No one was charged with the Plame leak, although Lewis “Scooter” Libby, an aide to Vice President Dick Cheney, was convicted for lying to the FBI about it. Trump pardoned him in 2018.
In the Ukraine case, some Republican elected officials have offered measured support. But it’s been way too little. Sen. Chuck Grassley (R-IA), who has a long history of supporting whistleblower causes, had been pretty quiet until November 6, when Sen. Rand Paul (R-KY) chided reporters for not unmasking the whistleblower.
Sen. Grassley told reporters in a call Wednesday that it's important not to reveal the identity of intelligence agency whistleblowers because it could endanger them. https://t.co/cLRrvby2VZ
— KCRG (@KCRG) November 7, 2019
Speaking at a Trump rally, Paul scored points with the Trump base when he shouted: “I say tonight to the media, do your job and print his name. … And I say this to my fellow colleagues in Congress, to every Republican in Washington: Step up and subpoena Hunter Biden and subpoena the whistleblower!”
But even after Paul’s rant, the strongest Grassley could come up with was a request that members of Congress and the president “abide by the law” and protect the whistleblower.
“Bottom line answer: I expect the law to be followed,” he told reporters. “Most whistleblowers that come to me don’t mind their publicity, they aren’t seeking anonymity. If they did, I would probably try to protect that anonymity.”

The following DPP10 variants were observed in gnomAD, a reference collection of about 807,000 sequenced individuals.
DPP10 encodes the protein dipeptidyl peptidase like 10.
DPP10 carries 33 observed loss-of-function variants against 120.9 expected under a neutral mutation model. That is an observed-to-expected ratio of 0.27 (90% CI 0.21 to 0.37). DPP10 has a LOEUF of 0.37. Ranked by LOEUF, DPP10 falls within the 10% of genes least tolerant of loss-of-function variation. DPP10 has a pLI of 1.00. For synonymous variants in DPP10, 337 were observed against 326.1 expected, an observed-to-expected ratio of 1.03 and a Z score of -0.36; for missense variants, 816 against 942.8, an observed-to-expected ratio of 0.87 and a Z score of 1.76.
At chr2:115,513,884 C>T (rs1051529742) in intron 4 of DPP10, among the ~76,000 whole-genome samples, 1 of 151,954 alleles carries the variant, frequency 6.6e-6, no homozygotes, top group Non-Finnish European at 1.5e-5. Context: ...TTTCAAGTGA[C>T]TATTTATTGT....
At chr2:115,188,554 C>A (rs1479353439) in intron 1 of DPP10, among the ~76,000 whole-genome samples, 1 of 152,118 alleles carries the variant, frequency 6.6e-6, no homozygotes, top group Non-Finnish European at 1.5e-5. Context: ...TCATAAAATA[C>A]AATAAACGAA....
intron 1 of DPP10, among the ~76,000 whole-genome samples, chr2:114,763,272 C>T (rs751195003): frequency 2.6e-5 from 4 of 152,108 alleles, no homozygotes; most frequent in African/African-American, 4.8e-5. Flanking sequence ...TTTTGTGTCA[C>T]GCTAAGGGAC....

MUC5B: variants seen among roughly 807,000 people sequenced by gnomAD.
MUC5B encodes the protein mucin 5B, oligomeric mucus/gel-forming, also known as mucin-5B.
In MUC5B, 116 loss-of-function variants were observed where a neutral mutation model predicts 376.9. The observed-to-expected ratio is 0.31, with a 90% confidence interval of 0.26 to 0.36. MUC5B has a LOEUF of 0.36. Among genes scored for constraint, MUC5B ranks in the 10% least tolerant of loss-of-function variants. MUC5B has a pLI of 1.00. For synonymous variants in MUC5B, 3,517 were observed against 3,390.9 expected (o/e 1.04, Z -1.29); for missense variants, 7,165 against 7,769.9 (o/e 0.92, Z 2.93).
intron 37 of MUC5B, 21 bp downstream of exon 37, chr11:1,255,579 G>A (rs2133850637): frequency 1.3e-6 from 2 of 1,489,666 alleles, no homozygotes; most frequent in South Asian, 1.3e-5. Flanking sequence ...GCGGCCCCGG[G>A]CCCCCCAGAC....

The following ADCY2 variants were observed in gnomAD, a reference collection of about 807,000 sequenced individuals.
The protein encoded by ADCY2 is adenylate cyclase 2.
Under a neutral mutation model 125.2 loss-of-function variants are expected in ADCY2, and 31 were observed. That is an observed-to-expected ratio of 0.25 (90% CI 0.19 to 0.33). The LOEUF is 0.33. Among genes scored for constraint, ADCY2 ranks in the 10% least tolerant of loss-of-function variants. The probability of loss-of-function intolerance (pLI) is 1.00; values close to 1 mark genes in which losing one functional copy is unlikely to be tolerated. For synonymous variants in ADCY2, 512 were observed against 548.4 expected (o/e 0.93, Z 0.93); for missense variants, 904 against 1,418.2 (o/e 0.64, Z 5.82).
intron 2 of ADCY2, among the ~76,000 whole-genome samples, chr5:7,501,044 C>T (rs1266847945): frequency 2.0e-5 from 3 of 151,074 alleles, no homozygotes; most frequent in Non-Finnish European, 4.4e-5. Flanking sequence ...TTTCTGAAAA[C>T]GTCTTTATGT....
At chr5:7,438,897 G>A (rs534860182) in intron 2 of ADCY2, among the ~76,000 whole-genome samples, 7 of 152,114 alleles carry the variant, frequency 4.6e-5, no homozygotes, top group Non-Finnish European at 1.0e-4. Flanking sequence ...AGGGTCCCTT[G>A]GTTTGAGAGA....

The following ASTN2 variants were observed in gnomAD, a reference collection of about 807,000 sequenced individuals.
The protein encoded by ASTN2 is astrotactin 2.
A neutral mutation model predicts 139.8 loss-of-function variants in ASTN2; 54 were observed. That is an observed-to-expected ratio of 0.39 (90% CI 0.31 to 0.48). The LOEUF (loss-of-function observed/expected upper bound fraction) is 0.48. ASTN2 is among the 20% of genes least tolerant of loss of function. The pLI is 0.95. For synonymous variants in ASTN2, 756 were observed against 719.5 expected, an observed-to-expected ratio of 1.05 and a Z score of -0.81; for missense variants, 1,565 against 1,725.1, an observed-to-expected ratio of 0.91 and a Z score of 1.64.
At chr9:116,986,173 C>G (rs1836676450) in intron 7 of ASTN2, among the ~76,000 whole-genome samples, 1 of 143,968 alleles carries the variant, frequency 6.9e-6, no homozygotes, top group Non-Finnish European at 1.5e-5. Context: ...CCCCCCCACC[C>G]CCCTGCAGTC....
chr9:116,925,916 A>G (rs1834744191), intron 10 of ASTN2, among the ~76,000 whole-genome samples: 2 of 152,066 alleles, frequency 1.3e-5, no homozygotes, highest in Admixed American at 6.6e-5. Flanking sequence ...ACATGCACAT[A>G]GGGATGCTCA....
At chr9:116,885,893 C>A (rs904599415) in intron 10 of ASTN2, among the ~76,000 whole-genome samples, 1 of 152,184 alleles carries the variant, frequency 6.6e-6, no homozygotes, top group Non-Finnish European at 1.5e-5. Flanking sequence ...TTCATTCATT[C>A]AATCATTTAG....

No, if the whistleblower is to be protected, the responsibility falls to the American public and the news media.
News outlets must continue to keep the lid on, despite the Breitbarts of the world circulating his or her alleged name. Despite Trump’s taunts asking reporters to reveal the name, suggesting that their respect for confidentiality is itself proof that they’re in cahoots with Democrats.
The public must let their elected representatives know that they expect them to protect confidentiality, too.
A lot more is at stake than the life and sanity of one person. If whistleblowers become so frightened by this treatment that they fail to come forward, we all lose.
Think of a world without the Pentagon Papers; without journalists warning us that our government was embarking on warrantless surveillance of its citizens; without the assurance that, when agencies fail to protect our health or safety, someone will sound the alarm.
Or in the words of eight former federal inspectors general:
Not protecting whistleblower confidentiality would seriously inhibit future disclosures and cause serious harm to the role of oversight to ensure good government; would lead to greater illegitimate leaks of classified information that could compromise our national security; encourage unchecked misconduct, especially in classified environments; contradict the intent of constitutional checks and balances; and further erode the public’s trust in the institutions of government and the rule of law.